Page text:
The Fox (1967)
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Critic Reviews for The Fox
Overdone adaptation of DH Lawrence's novella, making explicit everything that was implicit.
Audience Reviews for The Fox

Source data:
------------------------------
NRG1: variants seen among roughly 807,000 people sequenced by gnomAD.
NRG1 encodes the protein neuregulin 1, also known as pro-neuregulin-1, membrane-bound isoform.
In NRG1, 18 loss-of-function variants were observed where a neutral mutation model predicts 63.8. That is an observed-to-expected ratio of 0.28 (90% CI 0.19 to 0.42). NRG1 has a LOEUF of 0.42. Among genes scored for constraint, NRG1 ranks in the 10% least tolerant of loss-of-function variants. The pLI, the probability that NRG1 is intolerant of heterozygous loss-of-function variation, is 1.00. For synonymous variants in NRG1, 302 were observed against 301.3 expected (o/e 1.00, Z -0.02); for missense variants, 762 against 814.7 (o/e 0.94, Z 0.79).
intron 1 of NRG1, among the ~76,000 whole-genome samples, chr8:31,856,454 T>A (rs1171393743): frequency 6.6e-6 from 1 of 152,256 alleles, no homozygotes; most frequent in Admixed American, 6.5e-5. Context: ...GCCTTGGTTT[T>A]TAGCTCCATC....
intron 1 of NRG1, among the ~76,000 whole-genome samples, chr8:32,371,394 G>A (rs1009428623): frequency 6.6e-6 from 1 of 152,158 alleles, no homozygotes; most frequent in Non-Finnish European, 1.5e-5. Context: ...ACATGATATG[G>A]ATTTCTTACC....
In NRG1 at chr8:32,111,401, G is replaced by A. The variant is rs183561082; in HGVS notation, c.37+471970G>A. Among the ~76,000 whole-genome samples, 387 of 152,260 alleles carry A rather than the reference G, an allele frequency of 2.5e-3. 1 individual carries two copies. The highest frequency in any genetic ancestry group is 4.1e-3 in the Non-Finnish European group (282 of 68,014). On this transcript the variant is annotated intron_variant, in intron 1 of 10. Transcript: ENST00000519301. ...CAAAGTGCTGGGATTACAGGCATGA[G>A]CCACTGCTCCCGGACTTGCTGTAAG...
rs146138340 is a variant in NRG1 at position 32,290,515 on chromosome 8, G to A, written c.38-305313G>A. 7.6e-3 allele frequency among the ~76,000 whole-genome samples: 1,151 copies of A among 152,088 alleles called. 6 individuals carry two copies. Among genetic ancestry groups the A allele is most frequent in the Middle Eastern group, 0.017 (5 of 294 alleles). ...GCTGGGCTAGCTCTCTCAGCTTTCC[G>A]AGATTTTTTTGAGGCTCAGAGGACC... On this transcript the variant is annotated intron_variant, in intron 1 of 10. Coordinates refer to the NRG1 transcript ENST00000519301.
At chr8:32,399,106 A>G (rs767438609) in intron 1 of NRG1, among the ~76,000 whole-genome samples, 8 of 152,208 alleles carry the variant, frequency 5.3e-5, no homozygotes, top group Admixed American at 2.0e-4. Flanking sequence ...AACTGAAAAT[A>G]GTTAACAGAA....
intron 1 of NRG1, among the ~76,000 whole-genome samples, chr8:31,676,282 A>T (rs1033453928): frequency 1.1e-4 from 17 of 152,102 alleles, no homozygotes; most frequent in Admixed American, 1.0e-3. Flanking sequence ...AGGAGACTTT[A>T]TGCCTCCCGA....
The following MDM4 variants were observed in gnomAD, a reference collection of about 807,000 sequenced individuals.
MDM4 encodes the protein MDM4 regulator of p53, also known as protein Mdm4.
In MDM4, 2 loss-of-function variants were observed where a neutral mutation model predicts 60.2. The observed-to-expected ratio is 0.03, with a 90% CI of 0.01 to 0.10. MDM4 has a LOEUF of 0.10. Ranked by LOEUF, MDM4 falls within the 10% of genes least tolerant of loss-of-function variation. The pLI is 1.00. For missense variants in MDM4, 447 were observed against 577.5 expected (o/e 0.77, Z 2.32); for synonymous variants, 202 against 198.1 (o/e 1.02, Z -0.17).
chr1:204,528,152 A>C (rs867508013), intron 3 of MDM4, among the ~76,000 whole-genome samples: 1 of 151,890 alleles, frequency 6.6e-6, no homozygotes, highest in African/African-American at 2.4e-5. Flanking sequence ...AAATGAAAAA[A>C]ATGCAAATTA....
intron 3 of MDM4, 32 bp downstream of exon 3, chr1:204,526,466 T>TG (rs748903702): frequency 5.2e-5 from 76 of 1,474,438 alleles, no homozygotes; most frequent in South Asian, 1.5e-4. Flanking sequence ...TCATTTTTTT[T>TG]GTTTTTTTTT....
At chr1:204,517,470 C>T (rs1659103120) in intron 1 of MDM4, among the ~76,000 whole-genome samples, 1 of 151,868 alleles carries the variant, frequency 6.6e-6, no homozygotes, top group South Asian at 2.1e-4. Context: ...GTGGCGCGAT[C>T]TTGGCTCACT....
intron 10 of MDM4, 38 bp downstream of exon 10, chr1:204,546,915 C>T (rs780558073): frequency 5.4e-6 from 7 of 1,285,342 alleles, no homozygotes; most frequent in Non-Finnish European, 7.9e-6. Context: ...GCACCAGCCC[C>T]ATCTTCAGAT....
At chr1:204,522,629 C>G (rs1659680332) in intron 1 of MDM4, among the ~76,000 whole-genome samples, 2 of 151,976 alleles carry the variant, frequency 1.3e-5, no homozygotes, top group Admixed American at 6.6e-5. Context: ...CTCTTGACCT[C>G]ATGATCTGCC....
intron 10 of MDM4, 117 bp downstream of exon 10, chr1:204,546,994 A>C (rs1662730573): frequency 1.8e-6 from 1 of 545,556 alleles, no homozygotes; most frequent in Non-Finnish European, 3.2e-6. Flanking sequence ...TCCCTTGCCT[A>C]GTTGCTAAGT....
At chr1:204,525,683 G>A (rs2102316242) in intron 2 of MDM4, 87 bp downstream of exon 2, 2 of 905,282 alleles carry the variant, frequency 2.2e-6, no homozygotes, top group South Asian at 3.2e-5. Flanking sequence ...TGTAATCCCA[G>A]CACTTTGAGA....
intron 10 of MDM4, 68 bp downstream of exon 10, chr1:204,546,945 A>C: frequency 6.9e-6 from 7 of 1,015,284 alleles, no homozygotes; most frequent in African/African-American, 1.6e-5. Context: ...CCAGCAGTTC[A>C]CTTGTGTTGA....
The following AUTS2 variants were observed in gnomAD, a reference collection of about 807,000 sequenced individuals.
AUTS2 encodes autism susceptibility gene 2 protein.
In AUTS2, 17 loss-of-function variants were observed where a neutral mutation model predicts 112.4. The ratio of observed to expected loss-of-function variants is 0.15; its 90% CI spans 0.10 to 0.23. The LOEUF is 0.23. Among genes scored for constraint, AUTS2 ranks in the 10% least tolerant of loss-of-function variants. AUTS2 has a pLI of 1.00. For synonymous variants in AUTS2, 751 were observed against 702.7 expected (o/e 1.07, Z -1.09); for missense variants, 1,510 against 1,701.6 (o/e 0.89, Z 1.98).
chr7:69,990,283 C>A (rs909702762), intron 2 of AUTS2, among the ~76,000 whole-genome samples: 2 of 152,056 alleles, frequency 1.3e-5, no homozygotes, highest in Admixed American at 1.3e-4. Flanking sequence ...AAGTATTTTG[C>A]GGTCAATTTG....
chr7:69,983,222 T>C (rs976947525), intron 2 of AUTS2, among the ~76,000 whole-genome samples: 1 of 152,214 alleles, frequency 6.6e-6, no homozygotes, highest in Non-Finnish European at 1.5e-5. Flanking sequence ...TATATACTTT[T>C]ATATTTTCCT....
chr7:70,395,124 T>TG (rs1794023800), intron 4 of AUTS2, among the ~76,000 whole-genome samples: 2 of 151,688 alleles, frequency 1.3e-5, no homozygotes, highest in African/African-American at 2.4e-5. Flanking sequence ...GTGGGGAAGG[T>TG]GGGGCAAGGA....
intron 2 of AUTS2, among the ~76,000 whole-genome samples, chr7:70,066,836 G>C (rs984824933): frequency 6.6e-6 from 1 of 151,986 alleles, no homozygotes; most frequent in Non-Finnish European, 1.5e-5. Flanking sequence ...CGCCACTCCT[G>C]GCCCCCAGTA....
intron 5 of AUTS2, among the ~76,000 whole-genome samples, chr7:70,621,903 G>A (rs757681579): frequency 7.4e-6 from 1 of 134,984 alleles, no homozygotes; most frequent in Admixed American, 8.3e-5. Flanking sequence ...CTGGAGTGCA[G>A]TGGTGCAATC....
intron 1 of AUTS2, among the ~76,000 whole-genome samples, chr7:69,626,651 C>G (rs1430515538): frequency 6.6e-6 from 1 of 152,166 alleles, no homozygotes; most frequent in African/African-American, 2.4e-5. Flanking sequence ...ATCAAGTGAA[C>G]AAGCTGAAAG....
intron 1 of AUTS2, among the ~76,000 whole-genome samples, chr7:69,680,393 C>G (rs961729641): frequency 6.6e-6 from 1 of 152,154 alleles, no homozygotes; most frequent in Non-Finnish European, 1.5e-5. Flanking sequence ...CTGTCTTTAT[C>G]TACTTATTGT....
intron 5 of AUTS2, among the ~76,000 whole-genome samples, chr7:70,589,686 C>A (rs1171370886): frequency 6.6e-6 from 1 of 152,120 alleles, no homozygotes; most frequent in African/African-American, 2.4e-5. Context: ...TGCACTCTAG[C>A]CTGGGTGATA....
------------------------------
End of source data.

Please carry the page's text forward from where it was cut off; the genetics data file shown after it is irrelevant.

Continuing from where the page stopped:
A three-actor movie (well, minus a brief character at the end and one train conductor), "The Fox" is about a wintery power struggle between two isolated female farmers (Sandy Dennis, Anne Heywood) and a sexually potent drifter (Keir Dullea). Its main importance is its stature as a vanguard lesbian film, but it pulls its punches and keeps the couple's relationship ambiguous except for one quick scene. It's probably not coincidence that the film arrived during the peak of Ingmar Bergman's renown, because its small cast and determined focus on intense, psychological interplay certainly reflects the director's influence. But this approach comes with a grave risk of turning heavy-handed, and "The Fox" fully stumbles into this trap. Dennis is just the same rheumy, babbling character she always plays, but Heywood and Dullea really go over the top with all their tortured stares and portentous silences. And the obvious "fox in the henhouse" metaphor is hammered, hammered and hammered again. Lalo Schifrin adds a pretty score and the lovely cinematography takes advantage of the snowy, woodsy setting, but the central problem is that Dullea's character is so sullen, cruel and unpleasant that the women's attraction to him doesn't seem plausible. One outdoor scene has a strange, avant-garde insertion with freeze frames and flashes of orange, and it is anyone's guess what director Mark Rydell (who also helmed the structurally similar "On Golden Pond") intended here. Heywood grants some wholly unnecessary nudity for spice, and sensitive viewers may object to two disturbing moments of animal violence.
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